A history of West End theatres

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Adelphi Theatre

The Adelphi Theatre is a theatre specialising in comedy and musical theatre. In 1806 when it was founded, it was named the Sans Pareil by a merchant named John Scott and his daughter Jane. Jane wrote more over 50 shows and musical theatre and pantomine took over the stage. In 1819 the theatre was renamed the Adelphi Theatre.  The name comes from the Adelphi Buildings opposite the centre (a block of 24 terrace houses), which later led to the district itself being knows as Adelphi.
The theatre was known for it’s melodramas which in turn became known as Adelphi Screamers. The first Charles Dicken’s adaptation The Christening was performed here and many more Dicken’s adaptations followed. In 1858 the theatre was demolished and The New Adelphi seating 1500 was opened. The building was later renovated in 1879 and 1887 where further surrounding buildings were purchased in order to expand the theatre.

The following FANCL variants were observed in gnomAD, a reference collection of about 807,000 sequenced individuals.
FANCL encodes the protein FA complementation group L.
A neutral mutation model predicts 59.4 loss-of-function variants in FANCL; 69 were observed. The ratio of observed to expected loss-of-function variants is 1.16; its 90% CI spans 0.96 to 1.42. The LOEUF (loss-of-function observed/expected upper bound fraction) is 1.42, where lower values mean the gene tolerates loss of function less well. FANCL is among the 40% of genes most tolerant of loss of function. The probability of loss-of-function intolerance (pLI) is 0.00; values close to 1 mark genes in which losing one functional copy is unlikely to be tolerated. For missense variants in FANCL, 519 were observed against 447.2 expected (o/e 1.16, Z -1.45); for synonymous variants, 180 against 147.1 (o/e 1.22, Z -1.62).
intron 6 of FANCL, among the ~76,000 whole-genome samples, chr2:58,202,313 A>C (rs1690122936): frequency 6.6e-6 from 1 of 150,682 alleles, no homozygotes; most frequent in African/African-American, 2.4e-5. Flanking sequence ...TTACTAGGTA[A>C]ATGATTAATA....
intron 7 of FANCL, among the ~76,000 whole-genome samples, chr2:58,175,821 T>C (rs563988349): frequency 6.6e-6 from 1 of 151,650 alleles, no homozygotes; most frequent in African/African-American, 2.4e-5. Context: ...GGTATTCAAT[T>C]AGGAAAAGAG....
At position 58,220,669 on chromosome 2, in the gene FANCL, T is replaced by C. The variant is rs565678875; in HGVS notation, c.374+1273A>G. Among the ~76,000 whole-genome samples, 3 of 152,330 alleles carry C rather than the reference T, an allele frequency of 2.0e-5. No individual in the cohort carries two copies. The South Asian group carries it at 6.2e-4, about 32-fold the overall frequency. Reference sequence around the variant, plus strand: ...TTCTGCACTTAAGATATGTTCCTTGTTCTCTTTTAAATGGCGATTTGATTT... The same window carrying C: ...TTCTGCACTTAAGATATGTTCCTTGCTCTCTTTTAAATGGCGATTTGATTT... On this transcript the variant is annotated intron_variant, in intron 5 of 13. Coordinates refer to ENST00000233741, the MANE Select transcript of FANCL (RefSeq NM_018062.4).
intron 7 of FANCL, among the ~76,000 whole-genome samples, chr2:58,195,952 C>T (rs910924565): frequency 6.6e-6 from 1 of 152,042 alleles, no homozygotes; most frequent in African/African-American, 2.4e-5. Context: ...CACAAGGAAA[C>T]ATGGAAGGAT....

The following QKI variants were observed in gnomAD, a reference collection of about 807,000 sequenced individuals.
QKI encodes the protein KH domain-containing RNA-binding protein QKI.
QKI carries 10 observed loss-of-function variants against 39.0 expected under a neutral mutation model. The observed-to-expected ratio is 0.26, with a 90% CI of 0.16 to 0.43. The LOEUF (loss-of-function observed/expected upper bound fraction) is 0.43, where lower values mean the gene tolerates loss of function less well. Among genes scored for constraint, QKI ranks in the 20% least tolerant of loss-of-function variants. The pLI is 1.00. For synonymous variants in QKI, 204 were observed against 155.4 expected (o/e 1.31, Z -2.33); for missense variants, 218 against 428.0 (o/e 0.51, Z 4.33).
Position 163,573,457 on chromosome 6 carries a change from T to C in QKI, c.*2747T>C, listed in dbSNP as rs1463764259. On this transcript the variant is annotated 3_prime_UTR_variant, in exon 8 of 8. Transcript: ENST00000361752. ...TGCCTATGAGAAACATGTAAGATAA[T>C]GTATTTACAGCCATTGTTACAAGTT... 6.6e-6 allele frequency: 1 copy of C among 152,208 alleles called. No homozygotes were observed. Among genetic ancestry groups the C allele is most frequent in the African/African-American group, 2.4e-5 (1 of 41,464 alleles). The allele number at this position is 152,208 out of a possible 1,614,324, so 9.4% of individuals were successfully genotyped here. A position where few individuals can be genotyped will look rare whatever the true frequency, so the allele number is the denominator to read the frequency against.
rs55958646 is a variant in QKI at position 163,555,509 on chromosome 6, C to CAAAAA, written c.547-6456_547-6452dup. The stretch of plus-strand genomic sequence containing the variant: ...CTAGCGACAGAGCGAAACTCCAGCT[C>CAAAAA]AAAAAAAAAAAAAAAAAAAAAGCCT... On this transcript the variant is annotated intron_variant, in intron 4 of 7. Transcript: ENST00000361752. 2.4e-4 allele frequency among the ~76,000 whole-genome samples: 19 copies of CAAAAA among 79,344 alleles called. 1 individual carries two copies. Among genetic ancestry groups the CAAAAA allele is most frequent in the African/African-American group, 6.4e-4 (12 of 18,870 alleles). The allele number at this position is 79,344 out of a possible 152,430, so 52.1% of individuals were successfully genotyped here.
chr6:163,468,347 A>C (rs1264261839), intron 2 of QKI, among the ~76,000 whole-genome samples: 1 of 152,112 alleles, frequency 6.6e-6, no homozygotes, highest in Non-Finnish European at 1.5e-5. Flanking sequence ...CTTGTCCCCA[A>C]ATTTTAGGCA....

William Terriss, who regularly performed at the theatre was stabbed by Richard Archer Prince whilst entering the building through the entrance on Maiden Lane. There is still a plaque on the wall to this day. When captured, Prince told police, “I did it for revenge. He had kept me out of employment for ten years, and I had either to die in the street or kill him.” There are rumours of the ghost of Terriss haunting the theatre.
 

Adelphi continued…